As we say goodbye to the Year of the Ox and greet the upcoming year of the Tiger, plans are being made for the worldwide celebration of Chinese New Year.
The Chinese Lunar Year, as it is otherwise known, begins at sunset on the day of the second New Moon following the winter solstice (21st December). This means the New Year can begin anytime from January 21st through to February 21st. This year it will be February 1st (2022).
In China alone, this will lead to the biggest human migration in the world as over 400 million people will empty the cities and return to their rural homes across the country.
1. The festival is celebrated for 15 days until the Lantern Festival, which takes place on the night of the first full moon.
2. Tradition says that Nian, a ferocious dragon that eats livestock and children, emerges from his hiding place on New Year’s Eve, but is frightened off by the red decorations and banners and the sound of firecrackers.
3. Instead of wrapped gifts that other nationalities give at their main holiday season, for Chinese New Year, children receive red envelopes stuffed full of money. The amount of money is usually an even number – but the amount is not divisible by four, as the number 4 means death.
Like our Christmas, preparations begin a month before with the purchase of presents, decoration materials, food and special outfits. Rituals include cleaning the house, putting up new posters of ‘door gods’ on front doors and then on the eve of the New Year, fireworks before dinner (which should be at least a 10-course meal including whole fish as a main course).
Red is used for decoration and clothing as the colour is meant to ward off evil spirits – with black and white being banned as the colours of mourning.
Given the importance of food in Chinese culture, it is not surprising that certain dishes play a major role in Chinese New Year celebrations. Foods that are considered lucky or offer good fortune are part of the menu, as are ingredients whose names in Chinese sound similar to other positive words.
Tangerines and oranges are passed out freely during Chinese New Year as the words for tangerine and orange sound like ‘luck”’ and ‘wealth’, respectively; pomeloes are found everywhere as the Chinese word for them sounds like the verb ‘to have’.
The pomelo, or Chinese grapefruit, is the largest fruit from the citrus family. It doesn’t have any of the bitter or sour flavour that is so common in grapefruit.
The food traditions of this celebration are hugely symbolic, such as serving two whole fish and saving one for leftovers to represent surplus in the new year, serving a whole chicken to represent wholeness and prosperity, and serving items like spring rolls, which resemble gold bars and symbolise wealth.
There are seven main foods that are considered essential Chinese New Year dishes as they all have their specific meanings. These include:
Fish – this needs to be served whole and is usually steamed. It represents an increase in prosperity because in Chinese the word for fish sounds like ‘surplus’.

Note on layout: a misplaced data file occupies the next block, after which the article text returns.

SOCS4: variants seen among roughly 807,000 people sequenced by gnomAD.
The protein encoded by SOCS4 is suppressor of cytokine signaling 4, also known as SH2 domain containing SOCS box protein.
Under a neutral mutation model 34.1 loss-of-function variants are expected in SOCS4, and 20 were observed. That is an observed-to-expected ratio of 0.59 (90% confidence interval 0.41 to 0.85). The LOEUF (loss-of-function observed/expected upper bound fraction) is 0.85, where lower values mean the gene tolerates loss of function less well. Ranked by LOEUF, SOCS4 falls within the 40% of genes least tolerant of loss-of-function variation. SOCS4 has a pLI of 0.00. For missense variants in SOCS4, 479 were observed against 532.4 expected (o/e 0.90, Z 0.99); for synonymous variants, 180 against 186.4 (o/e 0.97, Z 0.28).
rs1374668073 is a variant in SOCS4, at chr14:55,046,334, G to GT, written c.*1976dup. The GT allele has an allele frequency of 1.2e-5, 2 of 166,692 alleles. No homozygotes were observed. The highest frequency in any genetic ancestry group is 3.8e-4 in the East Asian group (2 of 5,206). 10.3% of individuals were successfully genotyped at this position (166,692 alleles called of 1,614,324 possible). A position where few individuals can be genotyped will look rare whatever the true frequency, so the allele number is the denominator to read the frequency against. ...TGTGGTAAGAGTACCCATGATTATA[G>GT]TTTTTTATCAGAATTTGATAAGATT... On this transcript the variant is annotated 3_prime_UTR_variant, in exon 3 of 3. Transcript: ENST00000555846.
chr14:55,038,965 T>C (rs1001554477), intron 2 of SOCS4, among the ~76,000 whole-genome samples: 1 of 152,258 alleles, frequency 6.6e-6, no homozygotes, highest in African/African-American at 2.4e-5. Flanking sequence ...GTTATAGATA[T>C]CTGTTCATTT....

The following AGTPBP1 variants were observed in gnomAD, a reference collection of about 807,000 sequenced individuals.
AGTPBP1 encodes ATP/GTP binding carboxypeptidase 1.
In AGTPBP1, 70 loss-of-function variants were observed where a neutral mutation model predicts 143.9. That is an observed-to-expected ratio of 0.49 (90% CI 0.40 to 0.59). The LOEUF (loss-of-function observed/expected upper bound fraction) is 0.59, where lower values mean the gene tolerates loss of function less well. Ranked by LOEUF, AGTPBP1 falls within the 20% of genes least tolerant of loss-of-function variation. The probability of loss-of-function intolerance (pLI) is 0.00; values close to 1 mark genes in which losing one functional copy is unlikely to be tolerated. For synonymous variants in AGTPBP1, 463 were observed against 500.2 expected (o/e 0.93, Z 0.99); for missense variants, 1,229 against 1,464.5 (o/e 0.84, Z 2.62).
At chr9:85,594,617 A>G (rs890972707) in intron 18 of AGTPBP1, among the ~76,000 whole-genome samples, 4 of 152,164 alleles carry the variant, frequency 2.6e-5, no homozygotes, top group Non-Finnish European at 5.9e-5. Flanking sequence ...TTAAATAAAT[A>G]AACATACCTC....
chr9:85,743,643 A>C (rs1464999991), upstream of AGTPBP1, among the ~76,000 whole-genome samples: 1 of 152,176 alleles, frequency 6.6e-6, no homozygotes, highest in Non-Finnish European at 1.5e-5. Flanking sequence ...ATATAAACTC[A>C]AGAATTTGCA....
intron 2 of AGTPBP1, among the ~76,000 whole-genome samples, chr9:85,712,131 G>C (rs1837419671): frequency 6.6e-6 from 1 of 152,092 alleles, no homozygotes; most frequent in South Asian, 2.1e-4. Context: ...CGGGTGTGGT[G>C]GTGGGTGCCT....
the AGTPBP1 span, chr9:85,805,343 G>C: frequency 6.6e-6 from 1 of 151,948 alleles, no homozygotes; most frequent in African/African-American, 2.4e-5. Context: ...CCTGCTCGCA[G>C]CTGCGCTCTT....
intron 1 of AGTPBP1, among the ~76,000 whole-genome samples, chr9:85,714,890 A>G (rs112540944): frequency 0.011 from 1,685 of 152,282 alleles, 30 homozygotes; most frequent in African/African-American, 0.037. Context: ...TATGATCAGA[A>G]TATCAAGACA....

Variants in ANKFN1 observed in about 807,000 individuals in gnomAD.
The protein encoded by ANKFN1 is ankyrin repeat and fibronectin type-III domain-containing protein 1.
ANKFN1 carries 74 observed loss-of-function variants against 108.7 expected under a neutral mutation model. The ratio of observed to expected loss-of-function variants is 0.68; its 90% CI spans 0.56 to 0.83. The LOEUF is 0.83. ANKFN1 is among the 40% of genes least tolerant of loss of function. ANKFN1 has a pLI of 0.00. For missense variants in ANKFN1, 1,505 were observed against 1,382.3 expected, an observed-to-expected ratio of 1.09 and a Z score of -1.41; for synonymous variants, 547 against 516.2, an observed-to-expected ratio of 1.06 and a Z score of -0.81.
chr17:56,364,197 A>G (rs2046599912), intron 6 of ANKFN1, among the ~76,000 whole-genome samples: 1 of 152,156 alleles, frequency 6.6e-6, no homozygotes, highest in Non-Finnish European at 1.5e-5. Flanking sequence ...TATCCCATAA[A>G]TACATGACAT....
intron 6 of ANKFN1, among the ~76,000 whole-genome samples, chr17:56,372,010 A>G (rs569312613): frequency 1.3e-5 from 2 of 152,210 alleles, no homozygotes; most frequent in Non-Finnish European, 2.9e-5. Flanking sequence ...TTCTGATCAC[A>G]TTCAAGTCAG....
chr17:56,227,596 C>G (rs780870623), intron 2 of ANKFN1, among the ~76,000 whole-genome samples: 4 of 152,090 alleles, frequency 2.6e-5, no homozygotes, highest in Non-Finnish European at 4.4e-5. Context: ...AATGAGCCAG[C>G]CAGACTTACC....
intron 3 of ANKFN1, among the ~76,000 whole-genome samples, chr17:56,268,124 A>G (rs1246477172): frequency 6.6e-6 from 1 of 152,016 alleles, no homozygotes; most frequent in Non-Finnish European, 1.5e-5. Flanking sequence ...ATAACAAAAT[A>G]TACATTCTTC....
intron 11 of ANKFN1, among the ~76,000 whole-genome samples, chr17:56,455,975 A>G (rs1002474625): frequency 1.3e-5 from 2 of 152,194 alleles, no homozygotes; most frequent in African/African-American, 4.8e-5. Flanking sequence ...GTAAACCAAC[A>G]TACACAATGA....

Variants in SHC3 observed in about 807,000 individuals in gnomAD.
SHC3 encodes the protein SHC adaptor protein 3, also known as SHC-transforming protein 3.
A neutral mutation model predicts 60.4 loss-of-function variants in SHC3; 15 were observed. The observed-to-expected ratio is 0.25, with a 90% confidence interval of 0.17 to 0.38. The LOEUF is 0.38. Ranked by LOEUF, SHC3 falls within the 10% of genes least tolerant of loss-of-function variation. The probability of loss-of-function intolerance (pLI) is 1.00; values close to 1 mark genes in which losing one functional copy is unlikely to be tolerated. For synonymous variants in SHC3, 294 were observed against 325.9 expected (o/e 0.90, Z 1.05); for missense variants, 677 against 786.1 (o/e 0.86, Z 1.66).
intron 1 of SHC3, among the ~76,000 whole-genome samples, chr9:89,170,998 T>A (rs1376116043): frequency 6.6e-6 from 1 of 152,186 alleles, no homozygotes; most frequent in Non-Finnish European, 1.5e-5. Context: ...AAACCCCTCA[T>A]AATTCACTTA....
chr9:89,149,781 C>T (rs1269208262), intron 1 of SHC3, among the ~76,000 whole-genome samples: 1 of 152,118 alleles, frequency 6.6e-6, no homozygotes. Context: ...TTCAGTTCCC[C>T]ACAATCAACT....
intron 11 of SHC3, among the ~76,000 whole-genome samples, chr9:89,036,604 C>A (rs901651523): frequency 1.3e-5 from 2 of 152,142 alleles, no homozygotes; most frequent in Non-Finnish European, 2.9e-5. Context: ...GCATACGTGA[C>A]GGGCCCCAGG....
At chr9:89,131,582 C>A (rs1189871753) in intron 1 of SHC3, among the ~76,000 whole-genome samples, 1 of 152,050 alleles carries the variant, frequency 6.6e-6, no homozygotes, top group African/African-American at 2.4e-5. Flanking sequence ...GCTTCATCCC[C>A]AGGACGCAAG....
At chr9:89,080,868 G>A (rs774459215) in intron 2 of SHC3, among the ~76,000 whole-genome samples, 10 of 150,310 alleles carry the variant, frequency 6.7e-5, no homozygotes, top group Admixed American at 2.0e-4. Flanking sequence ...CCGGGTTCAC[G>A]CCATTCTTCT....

Dumplings – generally made of minced meat and vegetables wrapped in a thin dough skin, these can be made to look like Chinese silver ingots. Legend has it that the more dumplings you eat during the New Year celebrations, the more money you can make in the New Year.
Spring Rolls – these dim sum dishes of cylindrical shaped rolls filled with vegetables, meat or something sweet and fried in thin dough wrappers, get their name because they are traditionally eaten during the Spring Festival.
Glutinous Rice Cake – this is considered to be a lucky food eaten on Chinese New Year’s Eve. In Chinese, glutinous rice cake sounds like it means ‘getting higher year-on-year’. The main ingredients are sticky rice, sugar, chestnuts, Chinese dates, and lotus leaves.
Sweet Rice Balls – the pronunciation and round shape of tangyuan are associated with reunion and being together.
Longevity Noodles – unsurprisingly these symbolise a wish for longevity. Their length and unsevered preparation are also symbolic of the eater’s life.
Good Fortune Fruit – certain fruits are eaten during the Chinese New Year period, such as tangerines and oranges, and pomeloes. They are selected as they are particularly round and ‘golden’ in colour, symbolising fullness and wealth, but more obviously for the lucky sound they bring when spoken.
Chinese New Year celebrations are not limited just to mainland China and those countries that observe it as a public holiday. Across the world, the Chinese diaspora from Southeast Asia’s centuries-old Chinese communities to the more recent Chinatowns such as Sydney, London, San Francisco, Vancouver and Los Angeles will mark Chinese New Year, with parades and lion dances attracting large crowds.
Iconic landmarks around the world such as the Tokyo Tower and the London Eye will turn red to mark the new year.
Will you be marking the celebrations this year? Why not treat yourself to a Parsley Box Chinese Takeaway?